Lecture 4. Segregationist Architecture of African Urban Housing in Colonial Kenya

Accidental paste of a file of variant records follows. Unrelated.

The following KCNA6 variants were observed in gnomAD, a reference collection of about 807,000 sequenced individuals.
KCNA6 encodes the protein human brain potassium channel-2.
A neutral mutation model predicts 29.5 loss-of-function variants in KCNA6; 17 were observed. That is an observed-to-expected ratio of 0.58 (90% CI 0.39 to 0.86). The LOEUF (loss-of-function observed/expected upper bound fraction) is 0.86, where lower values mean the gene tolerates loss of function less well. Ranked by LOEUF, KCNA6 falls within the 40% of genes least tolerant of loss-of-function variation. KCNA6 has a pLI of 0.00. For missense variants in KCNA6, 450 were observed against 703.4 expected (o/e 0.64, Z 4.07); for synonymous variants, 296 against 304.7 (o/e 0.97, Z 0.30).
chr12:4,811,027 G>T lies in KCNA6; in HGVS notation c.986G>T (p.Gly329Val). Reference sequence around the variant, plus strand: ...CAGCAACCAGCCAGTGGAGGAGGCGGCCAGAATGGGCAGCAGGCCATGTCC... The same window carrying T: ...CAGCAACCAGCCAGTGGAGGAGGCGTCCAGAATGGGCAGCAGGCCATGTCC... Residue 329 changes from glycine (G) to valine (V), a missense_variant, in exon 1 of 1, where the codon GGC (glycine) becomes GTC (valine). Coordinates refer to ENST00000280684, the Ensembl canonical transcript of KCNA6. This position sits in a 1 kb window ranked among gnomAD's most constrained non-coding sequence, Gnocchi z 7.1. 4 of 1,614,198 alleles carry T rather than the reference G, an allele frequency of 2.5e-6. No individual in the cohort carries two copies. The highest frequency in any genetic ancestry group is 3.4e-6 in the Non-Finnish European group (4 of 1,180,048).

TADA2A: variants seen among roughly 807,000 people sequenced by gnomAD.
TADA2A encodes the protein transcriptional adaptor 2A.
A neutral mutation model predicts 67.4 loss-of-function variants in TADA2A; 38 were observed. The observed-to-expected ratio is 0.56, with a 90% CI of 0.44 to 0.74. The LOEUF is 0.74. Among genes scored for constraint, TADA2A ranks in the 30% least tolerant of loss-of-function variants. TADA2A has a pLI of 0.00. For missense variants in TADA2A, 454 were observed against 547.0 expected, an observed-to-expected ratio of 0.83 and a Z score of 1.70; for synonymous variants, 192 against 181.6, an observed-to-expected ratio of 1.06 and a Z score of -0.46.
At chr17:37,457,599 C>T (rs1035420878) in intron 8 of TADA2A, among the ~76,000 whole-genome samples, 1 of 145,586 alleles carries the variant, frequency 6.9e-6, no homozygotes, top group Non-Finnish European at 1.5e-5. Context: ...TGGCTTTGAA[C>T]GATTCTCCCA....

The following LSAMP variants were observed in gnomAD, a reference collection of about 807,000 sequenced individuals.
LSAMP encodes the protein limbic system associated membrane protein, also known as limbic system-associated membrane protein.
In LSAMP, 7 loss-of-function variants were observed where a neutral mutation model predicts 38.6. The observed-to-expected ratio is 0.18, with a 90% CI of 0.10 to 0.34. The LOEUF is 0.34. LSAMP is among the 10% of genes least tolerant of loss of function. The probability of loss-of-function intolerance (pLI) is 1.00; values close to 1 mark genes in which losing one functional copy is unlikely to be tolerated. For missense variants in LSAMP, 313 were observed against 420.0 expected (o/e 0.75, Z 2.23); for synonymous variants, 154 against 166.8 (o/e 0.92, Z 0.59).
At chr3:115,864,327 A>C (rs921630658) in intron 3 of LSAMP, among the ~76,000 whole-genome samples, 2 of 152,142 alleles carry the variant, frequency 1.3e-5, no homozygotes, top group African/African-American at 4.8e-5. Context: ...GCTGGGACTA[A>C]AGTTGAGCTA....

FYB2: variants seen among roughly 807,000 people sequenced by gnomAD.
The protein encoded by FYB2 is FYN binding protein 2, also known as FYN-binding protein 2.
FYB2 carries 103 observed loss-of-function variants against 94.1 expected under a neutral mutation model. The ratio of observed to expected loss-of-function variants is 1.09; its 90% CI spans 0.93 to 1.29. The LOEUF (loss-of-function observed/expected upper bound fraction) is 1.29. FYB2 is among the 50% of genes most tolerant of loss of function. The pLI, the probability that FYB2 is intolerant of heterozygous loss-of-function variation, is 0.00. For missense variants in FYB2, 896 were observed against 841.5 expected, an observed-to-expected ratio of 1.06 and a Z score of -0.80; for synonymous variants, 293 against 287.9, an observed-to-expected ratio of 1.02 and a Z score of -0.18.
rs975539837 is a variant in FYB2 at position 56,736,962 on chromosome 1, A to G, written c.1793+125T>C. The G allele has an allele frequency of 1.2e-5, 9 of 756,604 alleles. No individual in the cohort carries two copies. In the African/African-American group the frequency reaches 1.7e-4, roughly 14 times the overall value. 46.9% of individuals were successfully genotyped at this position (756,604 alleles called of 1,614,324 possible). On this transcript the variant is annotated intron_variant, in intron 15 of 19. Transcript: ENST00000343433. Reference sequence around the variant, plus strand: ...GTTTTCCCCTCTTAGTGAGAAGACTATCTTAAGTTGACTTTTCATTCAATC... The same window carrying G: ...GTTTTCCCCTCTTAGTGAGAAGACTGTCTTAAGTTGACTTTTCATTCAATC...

Nairobi, Kenya was the location of urban housing for Africans that demonstrated the racist segregationist colonial strategies meant to ingrain inferiority of the native populations. The lecture espouses the spatial strategies manifested in the architecture and strategies of urban housing estates that defined the architecture of Eastlands, a city-reserve for the race, in the era of British suzerain rule of early to mid-20th Century. Framed in Foucauldian theorem of panoptical control and behavioral canalization of the populace, the strategies manifest in selected case estates, illustrate segregationist perceptions of marginalization through spatial instruments like house typologies, district zoning, site layouts, and utilities’ design and provision. The lecture, based on theoretical positions, is reliant on archival spatial data as well as case-study material sourced directly from the field and through studio-based programmes with architecture students. The site of Eastlands was the ‘African Location’ of the racially-segregated colonial Nairobi and became the laboratory of various quasi-experiments on African residential spatiality. Three case-study schemes represent key housing delivery strategies of: (a) employer-built (Muthurwa) (b) self-building (Majengo) and (c) public rental (Bahati) estates as realized during British colonialism. The initial reluctance to accommodate the race in the city was thus succeeded by these strategies albeit heavily-laden with racism and segregation. The reality today of dire and unseemly environments is self-evidencing not atypical of un-convivial neighbourhoods of the African city of the post-colony. The contemporary African city remains unrepentantly informed by the racist segregationist architecture of its origination, albeit now substituted by an economic parlance of poverty. What is discerned is that to create a more equitable urbanity one shall invoke more social engagement and participation of the dwellers in the housing process. Sadly, this opportunity was never appropriated by the postcolony, and this constitutes the core virus that afflicts African urbanity and residential space.

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